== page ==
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History and Computingintroduces its readers to the history and practice of historical computing. While functioning as a practical introduction to the field, this book is designed also to raise awareness of the use of computers as an important tool for the historian, discussing such topics as the pattern of 19th century emigration from the UK; the performance of the American and German economies in the 1930s; and the Lancashire cotton industry, all of which demonstrate possibilities which computers offer to the historian. Through practical workshop exercises, History and Computingprovides a skills-enabling introduction to basic computer terminology. Examining the use of spreadsheets and how historians design and work with them, the book includes spreadsheet exercises based around a range of historical data sets. In addition, the authors explore the use of databases and demonstrate how to construct them. Merging historical exploration and practical instruction, History and Computingencourages further study and prompts its readers to apply the skills they have learnt to a number of examples.
Information and communications technology is now an essential tool for the historian and for anyone engaging in historical study. Today's 'history workstation' includes computers, modems, scanners, printers, digital cameras and a wide range of software applications to access the World Wide Web and to analyse historical sources. Sonja Cameron and Sarah Richardson provide a clear, jargon-free introduction which demystifies the computing skills needed for historical research. This step-by-step guide covers all aspects of history and computing including: - presentation: from word-processing an article which conforms to scholarly protocols to presenting a slide show - history and the World Wide Web: hints and tips on accessing and evaluating the wide range of historical material available on the internet - databases: a clear introduction which guides you through the process of creating your own database of historical sources - spreadsheets: a lucid explanation of basic quantitative methods, data analysis, graphing and charting - digitised text and images: help on analysing digitised text, creating images and web pages. The text is supported throughout by worked examples using historical sources, comprehensive illustrations, a detailed glossary and signposts to further study where appropriate. Using Computers in History is an indispensable aid to all those studying and researching history. Students, family and local historians, and history enthusiasts will all find this book informative and easy-to-use.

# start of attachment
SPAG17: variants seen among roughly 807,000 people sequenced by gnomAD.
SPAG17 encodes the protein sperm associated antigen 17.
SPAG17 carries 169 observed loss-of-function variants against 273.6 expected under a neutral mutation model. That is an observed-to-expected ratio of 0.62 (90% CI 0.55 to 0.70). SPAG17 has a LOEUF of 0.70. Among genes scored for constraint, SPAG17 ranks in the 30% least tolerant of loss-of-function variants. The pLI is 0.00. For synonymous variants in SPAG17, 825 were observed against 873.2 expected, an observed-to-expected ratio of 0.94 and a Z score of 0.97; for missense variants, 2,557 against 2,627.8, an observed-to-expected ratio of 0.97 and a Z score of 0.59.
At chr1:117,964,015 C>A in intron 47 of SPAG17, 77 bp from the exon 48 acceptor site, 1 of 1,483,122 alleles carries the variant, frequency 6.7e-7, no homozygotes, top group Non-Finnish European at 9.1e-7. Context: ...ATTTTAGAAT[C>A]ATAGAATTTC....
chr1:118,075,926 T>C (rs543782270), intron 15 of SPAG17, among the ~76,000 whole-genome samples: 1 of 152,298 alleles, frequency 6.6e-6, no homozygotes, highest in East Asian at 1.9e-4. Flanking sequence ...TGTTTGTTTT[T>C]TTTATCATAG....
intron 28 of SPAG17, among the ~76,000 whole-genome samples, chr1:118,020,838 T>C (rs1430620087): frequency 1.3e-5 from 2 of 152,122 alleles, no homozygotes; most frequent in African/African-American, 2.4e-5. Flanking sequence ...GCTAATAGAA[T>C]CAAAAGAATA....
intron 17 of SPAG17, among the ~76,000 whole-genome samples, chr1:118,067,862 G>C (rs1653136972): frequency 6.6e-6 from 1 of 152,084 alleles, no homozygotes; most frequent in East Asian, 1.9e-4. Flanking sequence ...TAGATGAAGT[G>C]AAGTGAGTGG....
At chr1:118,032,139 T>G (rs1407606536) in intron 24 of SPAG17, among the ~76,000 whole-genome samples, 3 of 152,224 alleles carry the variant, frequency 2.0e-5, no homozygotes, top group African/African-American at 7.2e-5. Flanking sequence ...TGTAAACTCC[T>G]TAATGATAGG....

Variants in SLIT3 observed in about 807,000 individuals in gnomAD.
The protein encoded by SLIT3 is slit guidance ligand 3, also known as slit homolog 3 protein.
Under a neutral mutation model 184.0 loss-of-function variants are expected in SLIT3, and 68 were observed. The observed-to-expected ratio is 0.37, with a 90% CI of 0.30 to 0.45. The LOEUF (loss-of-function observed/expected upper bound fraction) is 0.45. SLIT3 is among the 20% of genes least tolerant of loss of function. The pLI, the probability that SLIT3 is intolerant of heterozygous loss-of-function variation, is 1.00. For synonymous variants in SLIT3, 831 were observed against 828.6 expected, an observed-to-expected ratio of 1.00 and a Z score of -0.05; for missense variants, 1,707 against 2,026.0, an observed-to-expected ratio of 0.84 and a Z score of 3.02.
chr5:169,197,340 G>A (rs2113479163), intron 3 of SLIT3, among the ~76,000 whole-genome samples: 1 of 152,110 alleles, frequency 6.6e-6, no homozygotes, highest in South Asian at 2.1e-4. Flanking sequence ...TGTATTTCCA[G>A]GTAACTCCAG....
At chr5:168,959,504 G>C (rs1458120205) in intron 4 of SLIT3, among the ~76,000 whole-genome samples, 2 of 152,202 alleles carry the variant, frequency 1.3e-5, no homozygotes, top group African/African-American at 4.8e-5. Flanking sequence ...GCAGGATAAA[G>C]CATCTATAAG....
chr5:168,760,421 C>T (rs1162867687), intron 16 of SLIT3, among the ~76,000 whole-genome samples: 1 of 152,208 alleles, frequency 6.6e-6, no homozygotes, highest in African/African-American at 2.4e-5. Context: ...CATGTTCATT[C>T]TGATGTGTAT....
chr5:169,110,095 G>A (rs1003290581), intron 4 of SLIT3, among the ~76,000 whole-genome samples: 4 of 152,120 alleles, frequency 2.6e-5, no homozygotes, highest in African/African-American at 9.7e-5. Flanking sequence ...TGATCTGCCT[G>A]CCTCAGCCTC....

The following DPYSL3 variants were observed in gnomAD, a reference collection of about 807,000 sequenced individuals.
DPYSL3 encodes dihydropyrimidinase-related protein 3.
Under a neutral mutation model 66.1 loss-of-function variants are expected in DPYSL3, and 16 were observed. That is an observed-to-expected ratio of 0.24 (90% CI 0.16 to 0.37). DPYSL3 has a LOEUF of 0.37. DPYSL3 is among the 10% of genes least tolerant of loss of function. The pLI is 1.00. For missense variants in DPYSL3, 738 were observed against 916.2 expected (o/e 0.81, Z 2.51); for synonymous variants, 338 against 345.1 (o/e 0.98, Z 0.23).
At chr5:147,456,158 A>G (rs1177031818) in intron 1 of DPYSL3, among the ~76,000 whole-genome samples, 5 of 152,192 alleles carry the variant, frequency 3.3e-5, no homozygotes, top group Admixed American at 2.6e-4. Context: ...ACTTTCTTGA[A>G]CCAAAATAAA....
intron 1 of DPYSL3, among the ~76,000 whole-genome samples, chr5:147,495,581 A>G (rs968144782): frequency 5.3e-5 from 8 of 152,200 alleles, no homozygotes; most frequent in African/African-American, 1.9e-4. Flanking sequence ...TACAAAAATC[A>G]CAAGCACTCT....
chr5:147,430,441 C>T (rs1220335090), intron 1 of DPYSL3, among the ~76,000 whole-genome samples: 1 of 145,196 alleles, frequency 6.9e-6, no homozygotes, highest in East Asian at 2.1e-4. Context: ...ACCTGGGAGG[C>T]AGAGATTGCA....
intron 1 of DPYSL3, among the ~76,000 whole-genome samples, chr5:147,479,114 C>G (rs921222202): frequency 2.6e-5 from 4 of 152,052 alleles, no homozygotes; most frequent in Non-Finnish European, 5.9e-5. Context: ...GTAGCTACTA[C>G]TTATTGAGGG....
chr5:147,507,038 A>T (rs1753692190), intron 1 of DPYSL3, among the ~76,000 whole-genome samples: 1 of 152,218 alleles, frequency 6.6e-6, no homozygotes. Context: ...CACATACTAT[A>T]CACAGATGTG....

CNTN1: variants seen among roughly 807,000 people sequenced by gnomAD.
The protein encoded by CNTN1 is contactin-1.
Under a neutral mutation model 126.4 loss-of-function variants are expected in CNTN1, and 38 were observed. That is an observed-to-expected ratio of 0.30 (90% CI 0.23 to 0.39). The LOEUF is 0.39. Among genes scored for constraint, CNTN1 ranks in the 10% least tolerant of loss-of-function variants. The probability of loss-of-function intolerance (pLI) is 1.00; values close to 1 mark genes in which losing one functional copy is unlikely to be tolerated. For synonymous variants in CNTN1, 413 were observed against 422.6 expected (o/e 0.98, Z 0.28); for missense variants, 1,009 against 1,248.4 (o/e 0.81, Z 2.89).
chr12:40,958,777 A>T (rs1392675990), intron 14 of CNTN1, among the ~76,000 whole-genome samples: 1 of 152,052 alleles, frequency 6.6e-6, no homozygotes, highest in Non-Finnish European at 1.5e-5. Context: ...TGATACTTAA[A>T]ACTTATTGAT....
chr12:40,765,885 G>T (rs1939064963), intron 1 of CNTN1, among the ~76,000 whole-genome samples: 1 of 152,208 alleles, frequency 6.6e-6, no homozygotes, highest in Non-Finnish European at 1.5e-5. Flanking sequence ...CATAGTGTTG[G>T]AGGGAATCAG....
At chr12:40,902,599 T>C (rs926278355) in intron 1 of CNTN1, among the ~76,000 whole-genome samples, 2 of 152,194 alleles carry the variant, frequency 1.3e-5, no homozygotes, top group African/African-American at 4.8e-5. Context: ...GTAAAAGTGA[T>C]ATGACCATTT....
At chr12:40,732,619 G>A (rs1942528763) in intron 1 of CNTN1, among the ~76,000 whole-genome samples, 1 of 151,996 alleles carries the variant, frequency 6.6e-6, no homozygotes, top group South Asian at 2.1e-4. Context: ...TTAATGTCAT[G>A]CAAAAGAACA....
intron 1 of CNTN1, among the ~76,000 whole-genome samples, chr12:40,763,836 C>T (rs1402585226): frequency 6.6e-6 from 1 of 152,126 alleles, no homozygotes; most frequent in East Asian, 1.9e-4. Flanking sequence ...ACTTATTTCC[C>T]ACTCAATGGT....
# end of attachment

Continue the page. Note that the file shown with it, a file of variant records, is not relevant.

This book is a collection of refereed invited papers on the history of computing in education from the 1970s to the mid-1990s presenting a social history of the introduction and early use of computers in schools. The 30 papers deal with the introduction of computer in schools in many countries around the world: Norway, South Africa, UK, Canada, Australia, USA, Finland, Chile, The Netherlands, New Zealand, Spain, Ireland, Israel and Poland. The authors are not professional historians but rather people who as teachers, students or researchers were involved in this history and they narrate their experiences from a personal perspective offering fascinating stories.